Cutthroat and pelicans

Cutthroat and pelicans

David Sparks Ph.D.
David Sparks Ph.D.
F&G biologists work to protect a popular Yellowstone cutthroat fishery from pelican predation

A conservation success story results in conflict at Blackfoot Reservoir

Blackfoot Reservoir, located about 40 miles east of Pocatello, is home to two divergent, yet symbiotic, conservation stories that have been playing out in southeast Idaho for nearly 30 years, leaving Fish and Game biologists to find new innovative ways towards one common solution.

On one side of the coin is the Yellowstone cutthroat trout, a native species in the upper Snake River drainage that have declined in significant portions of their distribution. Their limited numbers have led to decades’ worth of research and management efforts by Fish and Game fisheries and wildlife biologists.

On the other side is another once-threatened species, the American white pelican, competing directly with Yellowstone cutthroat trout recovery efforts.

For nearly three decades, Fish and Game staff have been deploying a number of management strategies to find a balance between cutthroat trout and white pelicans. And, in 2022, that work is continuing.

The sky’s the limit

Across the U.S., pelicans were on the decline until around the 1960s. Since the ’80s, pelicans have seen a rise in numbers thanks to reduced pesticide use, increased federal and state protection and adapting to new environments. 

Since the 1990s, pelicans have been breeding consistently at three nesting colonies across Idaho. The abundance of breeding adults increased significantly through the early 2010s and peaked in 2012. Blackfoot Reservoir’s Gull Island, for example, has been a popular pelican destination since as early as 1910. After a partnership with USDA Wildlife Services to rid the island of badgers in 1991 and 1992, pelicans took advantage of the predator-free real estate and began nesting on Gull Island in 1993.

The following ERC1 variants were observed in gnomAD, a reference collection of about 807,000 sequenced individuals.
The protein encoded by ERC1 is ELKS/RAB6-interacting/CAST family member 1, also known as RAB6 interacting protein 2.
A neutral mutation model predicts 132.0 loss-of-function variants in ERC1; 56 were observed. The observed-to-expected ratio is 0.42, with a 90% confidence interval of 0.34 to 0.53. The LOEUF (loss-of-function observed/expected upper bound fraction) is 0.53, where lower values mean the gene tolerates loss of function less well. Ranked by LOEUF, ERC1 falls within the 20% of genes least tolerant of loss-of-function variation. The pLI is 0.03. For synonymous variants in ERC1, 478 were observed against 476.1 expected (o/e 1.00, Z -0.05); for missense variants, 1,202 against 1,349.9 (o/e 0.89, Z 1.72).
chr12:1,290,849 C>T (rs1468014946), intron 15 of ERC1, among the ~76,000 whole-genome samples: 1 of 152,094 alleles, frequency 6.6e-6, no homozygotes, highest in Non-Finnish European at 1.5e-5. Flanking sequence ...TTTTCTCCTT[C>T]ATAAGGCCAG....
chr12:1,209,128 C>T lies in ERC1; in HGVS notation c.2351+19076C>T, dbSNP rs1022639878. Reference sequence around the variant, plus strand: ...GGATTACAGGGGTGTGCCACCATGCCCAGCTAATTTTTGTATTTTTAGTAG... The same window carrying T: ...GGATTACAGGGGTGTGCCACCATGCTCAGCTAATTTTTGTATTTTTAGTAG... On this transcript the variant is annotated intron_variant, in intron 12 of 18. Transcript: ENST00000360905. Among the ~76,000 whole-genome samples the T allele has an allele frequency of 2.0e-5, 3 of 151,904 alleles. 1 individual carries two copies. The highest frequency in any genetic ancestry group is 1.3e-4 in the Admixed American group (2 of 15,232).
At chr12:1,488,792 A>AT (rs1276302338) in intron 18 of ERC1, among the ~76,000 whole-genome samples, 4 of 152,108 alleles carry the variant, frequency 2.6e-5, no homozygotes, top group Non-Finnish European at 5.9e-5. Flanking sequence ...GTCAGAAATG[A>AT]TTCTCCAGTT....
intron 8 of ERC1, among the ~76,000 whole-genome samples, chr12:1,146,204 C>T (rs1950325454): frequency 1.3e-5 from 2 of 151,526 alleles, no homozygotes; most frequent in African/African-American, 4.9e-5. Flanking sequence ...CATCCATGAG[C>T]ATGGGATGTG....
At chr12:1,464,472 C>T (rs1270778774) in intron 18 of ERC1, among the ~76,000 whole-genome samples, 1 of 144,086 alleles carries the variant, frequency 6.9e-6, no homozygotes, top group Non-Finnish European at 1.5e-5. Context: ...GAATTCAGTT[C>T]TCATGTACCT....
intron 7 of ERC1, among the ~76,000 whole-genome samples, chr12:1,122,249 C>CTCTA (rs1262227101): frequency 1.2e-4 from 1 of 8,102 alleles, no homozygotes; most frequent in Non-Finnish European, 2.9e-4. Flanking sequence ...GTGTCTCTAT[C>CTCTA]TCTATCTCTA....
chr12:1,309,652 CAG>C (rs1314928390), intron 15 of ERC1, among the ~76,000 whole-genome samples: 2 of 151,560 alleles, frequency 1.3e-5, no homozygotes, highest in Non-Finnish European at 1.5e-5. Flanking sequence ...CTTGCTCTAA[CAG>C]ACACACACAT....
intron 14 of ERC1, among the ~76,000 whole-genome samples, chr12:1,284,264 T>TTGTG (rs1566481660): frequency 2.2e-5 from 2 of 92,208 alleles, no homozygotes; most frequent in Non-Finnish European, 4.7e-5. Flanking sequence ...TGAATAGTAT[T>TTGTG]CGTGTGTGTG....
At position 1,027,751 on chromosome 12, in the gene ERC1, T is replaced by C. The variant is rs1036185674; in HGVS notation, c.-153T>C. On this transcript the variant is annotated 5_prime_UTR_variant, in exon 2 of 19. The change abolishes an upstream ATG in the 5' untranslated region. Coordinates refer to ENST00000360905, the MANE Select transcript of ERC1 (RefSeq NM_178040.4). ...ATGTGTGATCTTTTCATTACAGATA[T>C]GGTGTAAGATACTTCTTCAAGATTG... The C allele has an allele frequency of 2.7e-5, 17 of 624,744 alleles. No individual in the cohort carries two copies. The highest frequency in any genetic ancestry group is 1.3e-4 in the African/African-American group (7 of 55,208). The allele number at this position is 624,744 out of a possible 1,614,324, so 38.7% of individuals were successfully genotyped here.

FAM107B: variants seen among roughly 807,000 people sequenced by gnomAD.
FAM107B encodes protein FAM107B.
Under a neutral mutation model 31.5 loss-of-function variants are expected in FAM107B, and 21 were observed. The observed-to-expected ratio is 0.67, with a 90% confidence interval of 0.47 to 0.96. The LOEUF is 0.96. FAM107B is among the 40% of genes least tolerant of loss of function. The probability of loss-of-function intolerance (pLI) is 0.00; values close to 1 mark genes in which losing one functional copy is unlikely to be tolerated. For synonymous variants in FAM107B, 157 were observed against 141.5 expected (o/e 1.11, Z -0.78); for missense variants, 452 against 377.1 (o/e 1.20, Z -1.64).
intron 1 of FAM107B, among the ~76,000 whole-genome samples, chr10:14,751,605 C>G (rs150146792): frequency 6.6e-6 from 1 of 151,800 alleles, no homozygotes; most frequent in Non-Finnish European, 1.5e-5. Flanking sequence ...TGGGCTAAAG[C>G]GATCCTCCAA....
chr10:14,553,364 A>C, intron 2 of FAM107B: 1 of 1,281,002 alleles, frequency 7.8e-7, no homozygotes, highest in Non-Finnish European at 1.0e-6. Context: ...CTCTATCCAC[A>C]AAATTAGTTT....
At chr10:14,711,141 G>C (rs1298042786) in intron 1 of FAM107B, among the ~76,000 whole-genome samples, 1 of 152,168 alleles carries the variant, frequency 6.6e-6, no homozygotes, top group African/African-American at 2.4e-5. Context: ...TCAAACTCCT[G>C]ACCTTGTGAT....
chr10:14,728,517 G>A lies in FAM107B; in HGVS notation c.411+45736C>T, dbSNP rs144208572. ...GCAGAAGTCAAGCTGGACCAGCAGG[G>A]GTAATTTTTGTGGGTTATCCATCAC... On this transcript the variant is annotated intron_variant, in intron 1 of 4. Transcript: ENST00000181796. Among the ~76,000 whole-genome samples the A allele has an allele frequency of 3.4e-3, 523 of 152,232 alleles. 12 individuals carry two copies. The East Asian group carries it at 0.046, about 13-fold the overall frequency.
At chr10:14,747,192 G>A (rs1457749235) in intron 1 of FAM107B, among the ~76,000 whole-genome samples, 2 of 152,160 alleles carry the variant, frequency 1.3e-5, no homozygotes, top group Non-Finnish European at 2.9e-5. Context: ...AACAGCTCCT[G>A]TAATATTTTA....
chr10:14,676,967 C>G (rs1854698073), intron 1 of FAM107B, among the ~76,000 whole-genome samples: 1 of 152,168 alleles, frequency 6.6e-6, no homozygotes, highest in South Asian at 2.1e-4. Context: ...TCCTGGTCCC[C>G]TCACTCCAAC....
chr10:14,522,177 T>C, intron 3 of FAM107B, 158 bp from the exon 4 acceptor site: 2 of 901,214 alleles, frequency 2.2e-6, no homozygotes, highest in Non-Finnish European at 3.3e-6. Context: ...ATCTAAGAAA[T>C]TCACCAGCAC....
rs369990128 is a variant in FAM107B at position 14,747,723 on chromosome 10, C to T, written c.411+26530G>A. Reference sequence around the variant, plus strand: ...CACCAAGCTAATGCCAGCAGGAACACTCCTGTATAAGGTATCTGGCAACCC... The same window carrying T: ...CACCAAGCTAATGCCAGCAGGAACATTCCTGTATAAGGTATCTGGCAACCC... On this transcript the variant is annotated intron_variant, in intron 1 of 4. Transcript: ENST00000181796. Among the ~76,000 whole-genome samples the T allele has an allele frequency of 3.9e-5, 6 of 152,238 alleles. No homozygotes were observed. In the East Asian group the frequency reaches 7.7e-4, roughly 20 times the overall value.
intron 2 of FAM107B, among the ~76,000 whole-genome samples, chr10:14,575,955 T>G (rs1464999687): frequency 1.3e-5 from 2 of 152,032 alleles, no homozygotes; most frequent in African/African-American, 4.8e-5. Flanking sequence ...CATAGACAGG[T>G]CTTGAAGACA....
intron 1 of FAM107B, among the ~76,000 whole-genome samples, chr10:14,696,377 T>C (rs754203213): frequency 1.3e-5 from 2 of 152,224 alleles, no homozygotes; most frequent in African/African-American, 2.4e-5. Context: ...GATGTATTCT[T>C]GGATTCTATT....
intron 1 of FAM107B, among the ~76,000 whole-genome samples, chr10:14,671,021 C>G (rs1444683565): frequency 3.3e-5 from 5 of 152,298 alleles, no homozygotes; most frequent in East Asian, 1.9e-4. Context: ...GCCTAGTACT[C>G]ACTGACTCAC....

Fish and Game biologists in the southeast region have been focusing their efforts on this conundrum since that year, when there were around just 200 breeding adult pelicans. In 2007, that number had soared to its peak of 3,400, before declining to an average of about 1,100 over the past 5 years.

Since 2010 the statewide breeding population has fluctuated annually. Since 2017, breeding adults have averaged around 4,600. In Idaho, pelicans predominantly forage on abundant populations of nongame fish resulting in non-consequential or acceptable impacts to other resource values and anglers. 

However, pelican predation in some areas has a measurable impact on sport fishing and native trout conservation programs, most notably native Yellowstone cutthroat trout, creating conflict between pelican and fisheries management objectives.

Big birds, bigger problems

“At Blackfoot Reservoir, we’d like to consistently manage pelicans at our plan objective of 700 breeding adult birds,” said Regional Fisheries Manager Carson Watkins. “In recent history we’ve been about double that.”

Seeing the balance of pelicans and Yellowstone cutthroat trout beginning to teeter heavily towards the big white birds, Idaho Fish and Game unrolled its first pelican management plan back in 2009. Since pelicans are a federally protected species under the Migratory Bird Treaty Act, Fish and Game has been working in coordination with the U.S. Fish and Wildlife Service to monitor pelican populations in the Blackfoot River system and to manage predation impacts on the cutthroat trout fishery.

“Managing pelican predation has been a slow, uphill battle,” Regional Wildlife Manager Zach Lockyer said. “They are very intelligent birds — efficient fish-eaters, with a strong fidelity to their preferred nesting areas. Blackfoot is a big, complex system, which complicates managers’ ability to control where pelicans occur in space and time.”

The current American White Pelican Conservation Plan is a tightrope walk — establishing a management framework which keeps pelican populations healthy and viable but also reducing the impact of the colonies on native trout and recreational fisheries. How do you reduce the number of one federally protected species of concern on a body of water while simultaneously recovering the population of native fish species? Fish and Game staff argue there may be a solution.

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